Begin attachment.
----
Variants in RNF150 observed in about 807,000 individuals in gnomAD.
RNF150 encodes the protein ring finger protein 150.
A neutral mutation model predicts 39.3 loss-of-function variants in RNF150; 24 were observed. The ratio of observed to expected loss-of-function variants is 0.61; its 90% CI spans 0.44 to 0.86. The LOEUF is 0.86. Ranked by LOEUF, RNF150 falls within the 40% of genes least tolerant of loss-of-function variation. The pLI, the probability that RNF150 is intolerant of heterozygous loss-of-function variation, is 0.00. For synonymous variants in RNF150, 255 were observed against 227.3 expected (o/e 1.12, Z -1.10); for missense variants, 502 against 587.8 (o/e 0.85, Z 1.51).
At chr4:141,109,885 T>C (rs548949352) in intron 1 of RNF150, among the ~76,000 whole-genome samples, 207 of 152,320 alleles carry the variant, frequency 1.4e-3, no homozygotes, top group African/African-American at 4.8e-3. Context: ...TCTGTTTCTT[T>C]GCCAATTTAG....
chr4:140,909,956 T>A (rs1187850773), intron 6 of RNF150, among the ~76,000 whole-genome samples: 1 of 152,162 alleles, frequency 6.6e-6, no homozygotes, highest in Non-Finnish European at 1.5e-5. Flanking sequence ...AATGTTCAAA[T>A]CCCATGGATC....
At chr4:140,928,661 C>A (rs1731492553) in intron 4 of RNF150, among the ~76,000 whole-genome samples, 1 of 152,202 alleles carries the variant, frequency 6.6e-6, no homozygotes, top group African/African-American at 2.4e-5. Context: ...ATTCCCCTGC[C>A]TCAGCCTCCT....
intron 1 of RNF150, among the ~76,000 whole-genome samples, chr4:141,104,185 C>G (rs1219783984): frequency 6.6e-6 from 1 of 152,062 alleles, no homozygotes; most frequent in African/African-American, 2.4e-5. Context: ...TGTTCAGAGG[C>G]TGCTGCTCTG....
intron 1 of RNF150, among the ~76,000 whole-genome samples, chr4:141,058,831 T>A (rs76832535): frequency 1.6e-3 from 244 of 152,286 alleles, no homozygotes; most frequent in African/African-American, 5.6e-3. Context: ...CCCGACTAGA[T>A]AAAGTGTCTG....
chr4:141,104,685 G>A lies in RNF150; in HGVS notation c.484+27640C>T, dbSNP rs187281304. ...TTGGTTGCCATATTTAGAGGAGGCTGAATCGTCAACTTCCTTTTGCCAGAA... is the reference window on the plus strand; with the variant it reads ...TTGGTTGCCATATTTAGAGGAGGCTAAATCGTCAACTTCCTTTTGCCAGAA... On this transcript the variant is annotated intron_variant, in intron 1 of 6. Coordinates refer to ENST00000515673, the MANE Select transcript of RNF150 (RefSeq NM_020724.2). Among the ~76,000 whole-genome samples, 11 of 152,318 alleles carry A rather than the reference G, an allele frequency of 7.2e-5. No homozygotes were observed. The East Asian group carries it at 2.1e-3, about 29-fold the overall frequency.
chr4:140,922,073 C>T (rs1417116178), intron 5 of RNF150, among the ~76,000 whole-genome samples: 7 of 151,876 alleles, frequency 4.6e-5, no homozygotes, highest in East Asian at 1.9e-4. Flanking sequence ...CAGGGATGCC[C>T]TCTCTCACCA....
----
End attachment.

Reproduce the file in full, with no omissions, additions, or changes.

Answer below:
Variants in RNF150 observed in about 807,000 individuals in gnomAD.
RNF150 encodes the protein ring finger protein 150.
A neutral mutation model predicts 39.3 loss-of-function variants in RNF150; 24 were observed. The ratio of observed to expected loss-of-function variants is 0.61; its 90% CI spans 0.44 to 0.86. The LOEUF is 0.86. Ranked by LOEUF, RNF150 falls within the 40% of genes least tolerant of loss-of-function variation. The pLI, the probability that RNF150 is intolerant of heterozygous loss-of-function variation, is 0.00. For synonymous variants in RNF150, 255 were observed against 227.3 expected (o/e 1.12, Z -1.10); for missense variants, 502 against 587.8 (o/e 0.85, Z 1.51).
At chr4:141,109,885 T>C (rs548949352) in intron 1 of RNF150, among the ~76,000 whole-genome samples, 207 of 152,320 alleles carry the variant, frequency 1.4e-3, no homozygotes, top group African/African-American at 4.8e-3. Context: ...TCTGTTTCTT[T>C]GCCAATTTAG....
chr4:140,909,956 T>A (rs1187850773), intron 6 of RNF150, among the ~76,000 whole-genome samples: 1 of 152,162 alleles, frequency 6.6e-6, no homozygotes, highest in Non-Finnish European at 1.5e-5. Flanking sequence ...AATGTTCAAA[T>A]CCCATGGATC....
At chr4:140,928,661 C>A (rs1731492553) in intron 4 of RNF150, among the ~76,000 whole-genome samples, 1 of 152,202 alleles carries the variant, frequency 6.6e-6, no homozygotes, top group African/African-American at 2.4e-5. Context: ...ATTCCCCTGC[C>A]TCAGCCTCCT....
intron 1 of RNF150, among the ~76,000 whole-genome samples, chr4:141,104,185 C>G (rs1219783984): frequency 6.6e-6 from 1 of 152,062 alleles, no homozygotes; most frequent in African/African-American, 2.4e-5. Context: ...TGTTCAGAGG[C>G]TGCTGCTCTG....
intron 1 of RNF150, among the ~76,000 whole-genome samples, chr4:141,058,831 T>A (rs76832535): frequency 1.6e-3 from 244 of 152,286 alleles, no homozygotes; most frequent in African/African-American, 5.6e-3. Context: ...CCCGACTAGA[T>A]AAAGTGTCTG....
chr4:141,104,685 G>A lies in RNF150; in HGVS notation c.484+27640C>T, dbSNP rs187281304. ...TTGGTTGCCATATTTAGAGGAGGCTGAATCGTCAACTTCCTTTTGCCAGAA... is the reference window on the plus strand; with the variant it reads ...TTGGTTGCCATATTTAGAGGAGGCTAAATCGTCAACTTCCTTTTGCCAGAA... On this transcript the variant is annotated intron_variant, in intron 1 of 6. Coordinates refer to ENST00000515673, the MANE Select transcript of RNF150 (RefSeq NM_020724.2). Among the ~76,000 whole-genome samples, 11 of 152,318 alleles carry A rather than the reference G, an allele frequency of 7.2e-5. No homozygotes were observed. The East Asian group carries it at 2.1e-3, about 29-fold the overall frequency.
chr4:140,922,073 C>T (rs1417116178), intron 5 of RNF150, among the ~76,000 whole-genome samples: 7 of 151,876 alleles, frequency 4.6e-5, no homozygotes, highest in East Asian at 1.9e-4. Flanking sequence ...CAGGGATGCC[C>T]TCTCTCACCA....